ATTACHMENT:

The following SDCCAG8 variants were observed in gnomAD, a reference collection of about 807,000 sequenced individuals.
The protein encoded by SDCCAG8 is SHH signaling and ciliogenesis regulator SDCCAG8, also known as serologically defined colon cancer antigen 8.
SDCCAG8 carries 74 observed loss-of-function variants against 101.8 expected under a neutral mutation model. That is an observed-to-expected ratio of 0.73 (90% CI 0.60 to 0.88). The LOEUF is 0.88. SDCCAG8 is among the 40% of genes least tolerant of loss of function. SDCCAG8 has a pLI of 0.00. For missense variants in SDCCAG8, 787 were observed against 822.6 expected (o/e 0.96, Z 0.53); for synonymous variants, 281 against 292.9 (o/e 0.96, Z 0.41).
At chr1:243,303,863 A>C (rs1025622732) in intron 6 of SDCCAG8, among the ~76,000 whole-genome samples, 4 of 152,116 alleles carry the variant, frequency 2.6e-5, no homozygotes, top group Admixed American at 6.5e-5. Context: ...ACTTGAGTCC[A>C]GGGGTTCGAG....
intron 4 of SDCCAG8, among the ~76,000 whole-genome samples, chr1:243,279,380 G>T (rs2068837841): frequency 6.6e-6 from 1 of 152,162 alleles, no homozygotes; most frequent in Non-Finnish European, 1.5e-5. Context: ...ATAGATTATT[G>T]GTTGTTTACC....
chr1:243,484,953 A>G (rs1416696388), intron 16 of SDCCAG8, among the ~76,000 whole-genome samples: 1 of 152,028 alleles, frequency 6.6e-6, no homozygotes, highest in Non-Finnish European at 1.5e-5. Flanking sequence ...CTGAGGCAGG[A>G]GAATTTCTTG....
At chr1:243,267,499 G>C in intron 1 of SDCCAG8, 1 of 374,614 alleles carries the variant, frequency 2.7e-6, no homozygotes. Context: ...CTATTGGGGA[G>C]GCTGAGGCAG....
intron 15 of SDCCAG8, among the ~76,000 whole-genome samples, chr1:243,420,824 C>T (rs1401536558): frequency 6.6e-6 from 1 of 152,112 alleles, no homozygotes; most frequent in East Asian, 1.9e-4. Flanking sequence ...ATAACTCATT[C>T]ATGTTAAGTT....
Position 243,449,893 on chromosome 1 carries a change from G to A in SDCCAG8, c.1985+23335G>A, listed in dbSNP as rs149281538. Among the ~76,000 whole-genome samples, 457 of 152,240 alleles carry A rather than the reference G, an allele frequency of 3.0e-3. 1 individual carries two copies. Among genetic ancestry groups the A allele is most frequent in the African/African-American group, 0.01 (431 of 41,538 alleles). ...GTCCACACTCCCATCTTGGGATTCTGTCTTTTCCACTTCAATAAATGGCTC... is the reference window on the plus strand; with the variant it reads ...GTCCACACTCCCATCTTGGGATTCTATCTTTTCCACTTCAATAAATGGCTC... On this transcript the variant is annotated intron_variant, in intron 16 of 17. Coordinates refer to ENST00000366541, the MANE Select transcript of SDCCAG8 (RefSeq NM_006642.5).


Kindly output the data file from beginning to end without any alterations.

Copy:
The following SDCCAG8 variants were observed in gnomAD, a reference collection of about 807,000 sequenced individuals.
The protein encoded by SDCCAG8 is SHH signaling and ciliogenesis regulator SDCCAG8, also known as serologically defined colon cancer antigen 8.
SDCCAG8 carries 74 observed loss-of-function variants against 101.8 expected under a neutral mutation model. That is an observed-to-expected ratio of 0.73 (90% CI 0.60 to 0.88). The LOEUF is 0.88. SDCCAG8 is among the 40% of genes least tolerant of loss of function. SDCCAG8 has a pLI of 0.00. For missense variants in SDCCAG8, 787 were observed against 822.6 expected (o/e 0.96, Z 0.53); for synonymous variants, 281 against 292.9 (o/e 0.96, Z 0.41).
At chr1:243,303,863 A>C (rs1025622732) in intron 6 of SDCCAG8, among the ~76,000 whole-genome samples, 4 of 152,116 alleles carry the variant, frequency 2.6e-5, no homozygotes, top group Admixed American at 6.5e-5. Context: ...ACTTGAGTCC[A>C]GGGGTTCGAG....
intron 4 of SDCCAG8, among the ~76,000 whole-genome samples, chr1:243,279,380 G>T (rs2068837841): frequency 6.6e-6 from 1 of 152,162 alleles, no homozygotes; most frequent in Non-Finnish European, 1.5e-5. Context: ...ATAGATTATT[G>T]GTTGTTTACC....
chr1:243,484,953 A>G (rs1416696388), intron 16 of SDCCAG8, among the ~76,000 whole-genome samples: 1 of 152,028 alleles, frequency 6.6e-6, no homozygotes, highest in Non-Finnish European at 1.5e-5. Flanking sequence ...CTGAGGCAGG[A>G]GAATTTCTTG....
At chr1:243,267,499 G>C in intron 1 of SDCCAG8, 1 of 374,614 alleles carries the variant, frequency 2.7e-6, no homozygotes. Context: ...CTATTGGGGA[G>C]GCTGAGGCAG....
intron 15 of SDCCAG8, among the ~76,000 whole-genome samples, chr1:243,420,824 C>T (rs1401536558): frequency 6.6e-6 from 1 of 152,112 alleles, no homozygotes; most frequent in East Asian, 1.9e-4. Flanking sequence ...ATAACTCATT[C>T]ATGTTAAGTT....
Position 243,449,893 on chromosome 1 carries a change from G to A in SDCCAG8, c.1985+23335G>A, listed in dbSNP as rs149281538. Among the ~76,000 whole-genome samples, 457 of 152,240 alleles carry A rather than the reference G, an allele frequency of 3.0e-3. 1 individual carries two copies. Among genetic ancestry groups the A allele is most frequent in the African/African-American group, 0.01 (431 of 41,538 alleles). ...GTCCACACTCCCATCTTGGGATTCTGTCTTTTCCACTTCAATAAATGGCTC... is the reference window on the plus strand; with the variant it reads ...GTCCACACTCCCATCTTGGGATTCTATCTTTTCCACTTCAATAAATGGCTC... On this transcript the variant is annotated intron_variant, in intron 16 of 17. Coordinates refer to ENST00000366541, the MANE Select transcript of SDCCAG8 (RefSeq NM_006642.5).